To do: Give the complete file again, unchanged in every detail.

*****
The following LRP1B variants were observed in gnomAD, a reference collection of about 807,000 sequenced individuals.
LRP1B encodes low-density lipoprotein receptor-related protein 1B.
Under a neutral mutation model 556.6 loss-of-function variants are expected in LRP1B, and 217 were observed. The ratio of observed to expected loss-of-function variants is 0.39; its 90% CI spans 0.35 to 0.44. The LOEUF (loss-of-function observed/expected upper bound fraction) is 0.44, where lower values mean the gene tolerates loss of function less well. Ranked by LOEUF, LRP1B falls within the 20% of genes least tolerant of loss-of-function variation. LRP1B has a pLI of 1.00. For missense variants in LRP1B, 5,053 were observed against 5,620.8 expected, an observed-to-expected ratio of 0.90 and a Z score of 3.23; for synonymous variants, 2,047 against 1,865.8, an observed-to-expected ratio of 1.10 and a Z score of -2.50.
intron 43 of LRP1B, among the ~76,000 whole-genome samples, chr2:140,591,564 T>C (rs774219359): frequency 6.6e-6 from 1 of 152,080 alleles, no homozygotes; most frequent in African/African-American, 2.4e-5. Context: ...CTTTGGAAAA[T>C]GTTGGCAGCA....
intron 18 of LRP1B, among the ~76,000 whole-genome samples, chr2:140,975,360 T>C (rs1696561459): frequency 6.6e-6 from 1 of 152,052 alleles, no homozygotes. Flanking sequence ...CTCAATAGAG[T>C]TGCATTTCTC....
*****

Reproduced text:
The following LRP1B variants were observed in gnomAD, a reference collection of about 807,000 sequenced individuals.
LRP1B encodes low-density lipoprotein receptor-related protein 1B.
Under a neutral mutation model 556.6 loss-of-function variants are expected in LRP1B, and 217 were observed. The ratio of observed to expected loss-of-function variants is 0.39; its 90% CI spans 0.35 to 0.44. The LOEUF (loss-of-function observed/expected upper bound fraction) is 0.44, where lower values mean the gene tolerates loss of function less well. Ranked by LOEUF, LRP1B falls within the 20% of genes least tolerant of loss-of-function variation. LRP1B has a pLI of 1.00. For missense variants in LRP1B, 5,053 were observed against 5,620.8 expected, an observed-to-expected ratio of 0.90 and a Z score of 3.23; for synonymous variants, 2,047 against 1,865.8, an observed-to-expected ratio of 1.10 and a Z score of -2.50.
intron 43 of LRP1B, among the ~76,000 whole-genome samples, chr2:140,591,564 T>C (rs774219359): frequency 6.6e-6 from 1 of 152,080 alleles, no homozygotes; most frequent in African/African-American, 2.4e-5. Context: ...CTTTGGAAAA[T>C]GTTGGCAGCA....
intron 18 of LRP1B, among the ~76,000 whole-genome samples, chr2:140,975,360 T>C (rs1696561459): frequency 6.6e-6 from 1 of 152,052 alleles, no homozygotes. Flanking sequence ...CTCAATAGAG[T>C]TGCATTTCTC....